Menthol Cigarettes Harder to Quit, More Blacks Smoke Them

Non-menthol and menthol types equally harmful

MONDAY, Sept. 25 (HealthDay News) -- Menthol cigarettes are harder to quit than their non-menthol counterparts, but both types carry the same risk of atherosclerosis and decline in pulmonary function, according to a study in the Sept. 25 issue of the Archives of Internal Medicine.

Mark J. Pletcher, M.D., M.P.H., of the University of California San Francisco, and colleagues conducted a study of 1,535 smokers, 972 of whom smoked menthol and 563 of whom smoked non-menthol cigarettes. Among the cohort, 89 percent of African Americans smoked menthol, compared with just 29 percent of European Americans.

In terms of pack-year of exposure, smokers of both types of cigarettes had similar odds of developing tobacco-related coronary calcification and had similar 10-year pulmonary function decline. Among menthol smokers, there was a significantly higher risk of relapse from attempts to stop smoking.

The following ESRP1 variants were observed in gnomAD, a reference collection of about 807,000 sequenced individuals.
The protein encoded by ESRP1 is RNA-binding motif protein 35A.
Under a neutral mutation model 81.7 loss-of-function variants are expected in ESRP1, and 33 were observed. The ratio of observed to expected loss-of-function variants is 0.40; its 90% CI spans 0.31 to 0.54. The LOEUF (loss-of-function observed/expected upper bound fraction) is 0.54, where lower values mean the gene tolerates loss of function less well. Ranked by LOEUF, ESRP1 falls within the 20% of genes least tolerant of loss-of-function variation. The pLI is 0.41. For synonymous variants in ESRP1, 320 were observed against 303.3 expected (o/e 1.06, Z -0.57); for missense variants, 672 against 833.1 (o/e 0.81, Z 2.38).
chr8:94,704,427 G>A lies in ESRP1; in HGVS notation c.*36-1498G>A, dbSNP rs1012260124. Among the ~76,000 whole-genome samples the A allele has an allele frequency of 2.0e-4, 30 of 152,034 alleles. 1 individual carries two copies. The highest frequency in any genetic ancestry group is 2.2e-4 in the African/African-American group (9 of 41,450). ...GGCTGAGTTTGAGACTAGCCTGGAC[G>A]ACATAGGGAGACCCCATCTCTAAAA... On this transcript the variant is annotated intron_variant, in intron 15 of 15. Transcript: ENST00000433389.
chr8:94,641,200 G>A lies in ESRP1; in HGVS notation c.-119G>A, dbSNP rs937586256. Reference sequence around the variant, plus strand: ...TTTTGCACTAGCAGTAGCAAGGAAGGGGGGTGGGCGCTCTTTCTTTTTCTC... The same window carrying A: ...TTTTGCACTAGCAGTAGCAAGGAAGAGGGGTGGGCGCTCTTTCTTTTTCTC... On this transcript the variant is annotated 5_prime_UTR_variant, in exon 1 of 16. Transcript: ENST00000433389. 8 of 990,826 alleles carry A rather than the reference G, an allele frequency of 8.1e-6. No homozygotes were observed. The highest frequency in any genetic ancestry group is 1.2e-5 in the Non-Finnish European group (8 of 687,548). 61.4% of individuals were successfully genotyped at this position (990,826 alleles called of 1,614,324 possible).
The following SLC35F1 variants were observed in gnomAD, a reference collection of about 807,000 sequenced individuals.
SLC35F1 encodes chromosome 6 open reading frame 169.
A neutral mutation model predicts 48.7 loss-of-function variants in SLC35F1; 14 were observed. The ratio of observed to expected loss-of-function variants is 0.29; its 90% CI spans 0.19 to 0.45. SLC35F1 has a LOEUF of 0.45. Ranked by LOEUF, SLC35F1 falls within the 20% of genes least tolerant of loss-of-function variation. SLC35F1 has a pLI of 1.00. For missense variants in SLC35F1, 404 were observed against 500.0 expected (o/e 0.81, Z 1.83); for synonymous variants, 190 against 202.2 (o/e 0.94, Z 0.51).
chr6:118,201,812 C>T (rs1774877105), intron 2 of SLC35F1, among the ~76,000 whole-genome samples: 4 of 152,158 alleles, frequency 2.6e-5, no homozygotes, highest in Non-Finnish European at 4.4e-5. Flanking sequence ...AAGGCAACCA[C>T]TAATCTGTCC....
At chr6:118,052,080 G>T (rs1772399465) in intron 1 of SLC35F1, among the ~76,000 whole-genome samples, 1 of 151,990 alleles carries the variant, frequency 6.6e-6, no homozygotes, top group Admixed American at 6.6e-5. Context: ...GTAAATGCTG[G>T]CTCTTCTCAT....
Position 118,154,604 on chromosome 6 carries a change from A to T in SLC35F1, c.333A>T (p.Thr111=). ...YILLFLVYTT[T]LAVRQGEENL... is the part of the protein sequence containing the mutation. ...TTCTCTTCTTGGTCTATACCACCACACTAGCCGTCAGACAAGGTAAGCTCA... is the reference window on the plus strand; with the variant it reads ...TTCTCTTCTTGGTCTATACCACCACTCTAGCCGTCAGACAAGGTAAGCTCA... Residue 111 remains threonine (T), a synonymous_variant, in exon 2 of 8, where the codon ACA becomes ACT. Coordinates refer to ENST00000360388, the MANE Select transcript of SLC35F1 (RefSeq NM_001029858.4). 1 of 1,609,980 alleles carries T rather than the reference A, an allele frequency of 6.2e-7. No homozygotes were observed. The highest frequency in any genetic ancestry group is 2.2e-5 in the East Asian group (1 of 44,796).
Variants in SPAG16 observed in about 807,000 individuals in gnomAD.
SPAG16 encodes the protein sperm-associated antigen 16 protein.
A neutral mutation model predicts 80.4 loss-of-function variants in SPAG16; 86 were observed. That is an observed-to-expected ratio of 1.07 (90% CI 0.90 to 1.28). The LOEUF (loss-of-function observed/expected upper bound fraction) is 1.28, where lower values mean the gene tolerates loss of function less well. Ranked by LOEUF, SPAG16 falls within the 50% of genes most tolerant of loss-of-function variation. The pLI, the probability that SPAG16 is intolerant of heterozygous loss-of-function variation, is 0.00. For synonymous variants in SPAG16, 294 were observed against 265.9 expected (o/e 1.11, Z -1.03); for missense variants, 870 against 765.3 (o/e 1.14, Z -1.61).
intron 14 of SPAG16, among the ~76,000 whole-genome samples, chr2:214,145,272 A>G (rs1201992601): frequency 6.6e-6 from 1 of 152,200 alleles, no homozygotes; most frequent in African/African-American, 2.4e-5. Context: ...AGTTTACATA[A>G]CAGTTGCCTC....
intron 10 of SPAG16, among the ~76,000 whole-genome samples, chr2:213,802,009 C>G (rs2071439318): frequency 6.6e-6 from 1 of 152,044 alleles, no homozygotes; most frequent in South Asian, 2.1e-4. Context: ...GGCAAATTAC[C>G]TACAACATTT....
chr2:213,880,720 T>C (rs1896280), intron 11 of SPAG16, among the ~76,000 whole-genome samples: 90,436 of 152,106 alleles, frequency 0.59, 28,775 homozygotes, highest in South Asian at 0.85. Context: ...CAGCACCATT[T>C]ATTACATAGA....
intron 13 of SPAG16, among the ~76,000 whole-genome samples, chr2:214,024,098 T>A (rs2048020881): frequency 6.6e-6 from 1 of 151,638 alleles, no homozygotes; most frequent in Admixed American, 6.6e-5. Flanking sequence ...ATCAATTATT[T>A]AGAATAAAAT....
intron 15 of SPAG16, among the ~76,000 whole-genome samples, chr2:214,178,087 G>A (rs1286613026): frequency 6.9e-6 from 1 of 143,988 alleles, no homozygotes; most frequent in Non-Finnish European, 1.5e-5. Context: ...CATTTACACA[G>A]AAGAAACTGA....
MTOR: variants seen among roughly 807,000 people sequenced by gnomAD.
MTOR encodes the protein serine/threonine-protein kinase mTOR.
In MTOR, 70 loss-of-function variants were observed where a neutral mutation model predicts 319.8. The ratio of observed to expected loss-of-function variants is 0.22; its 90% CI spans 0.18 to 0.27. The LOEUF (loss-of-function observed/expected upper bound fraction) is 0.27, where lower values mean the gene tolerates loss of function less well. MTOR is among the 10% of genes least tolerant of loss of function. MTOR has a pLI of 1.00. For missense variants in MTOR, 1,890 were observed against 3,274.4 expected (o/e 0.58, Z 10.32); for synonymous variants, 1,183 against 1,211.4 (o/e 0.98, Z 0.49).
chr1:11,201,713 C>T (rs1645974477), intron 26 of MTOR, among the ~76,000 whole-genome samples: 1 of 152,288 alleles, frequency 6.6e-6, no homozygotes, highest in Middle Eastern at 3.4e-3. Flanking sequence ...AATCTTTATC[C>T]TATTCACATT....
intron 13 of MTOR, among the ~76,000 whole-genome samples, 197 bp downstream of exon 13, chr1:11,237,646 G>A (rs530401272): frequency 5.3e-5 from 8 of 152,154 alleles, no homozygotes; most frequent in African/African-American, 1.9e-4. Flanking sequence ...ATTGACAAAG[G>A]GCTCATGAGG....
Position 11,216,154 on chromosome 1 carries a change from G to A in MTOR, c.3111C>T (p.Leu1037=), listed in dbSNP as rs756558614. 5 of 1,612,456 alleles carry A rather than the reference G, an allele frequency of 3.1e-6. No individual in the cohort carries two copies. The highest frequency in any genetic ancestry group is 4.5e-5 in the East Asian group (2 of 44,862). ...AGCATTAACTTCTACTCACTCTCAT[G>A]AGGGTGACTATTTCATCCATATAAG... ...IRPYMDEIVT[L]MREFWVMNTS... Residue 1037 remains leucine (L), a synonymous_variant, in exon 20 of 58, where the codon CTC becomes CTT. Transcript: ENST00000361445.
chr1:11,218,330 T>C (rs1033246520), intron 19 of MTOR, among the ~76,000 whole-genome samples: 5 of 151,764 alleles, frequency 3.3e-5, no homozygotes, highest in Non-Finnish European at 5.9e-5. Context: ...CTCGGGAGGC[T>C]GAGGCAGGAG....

"The preference for mentholated cigarettes among U.S. smokers is highly associated with ethnicity and seems to be relatively stable across time," the authors write. "It is possible�that switching from menthol cigarettes to non-menthol cigarettes might facilitate subsequent smoking cessation, especially in African Americans, and thereby reduce tobacco-related health disparities," they conclude, adding that their research lends support to the policy goal of regulating tobacco additives and replacing tobacco with "clean" sources of nicotine.

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Jane Parry

Jane Parry

Updated on September 25, 2006

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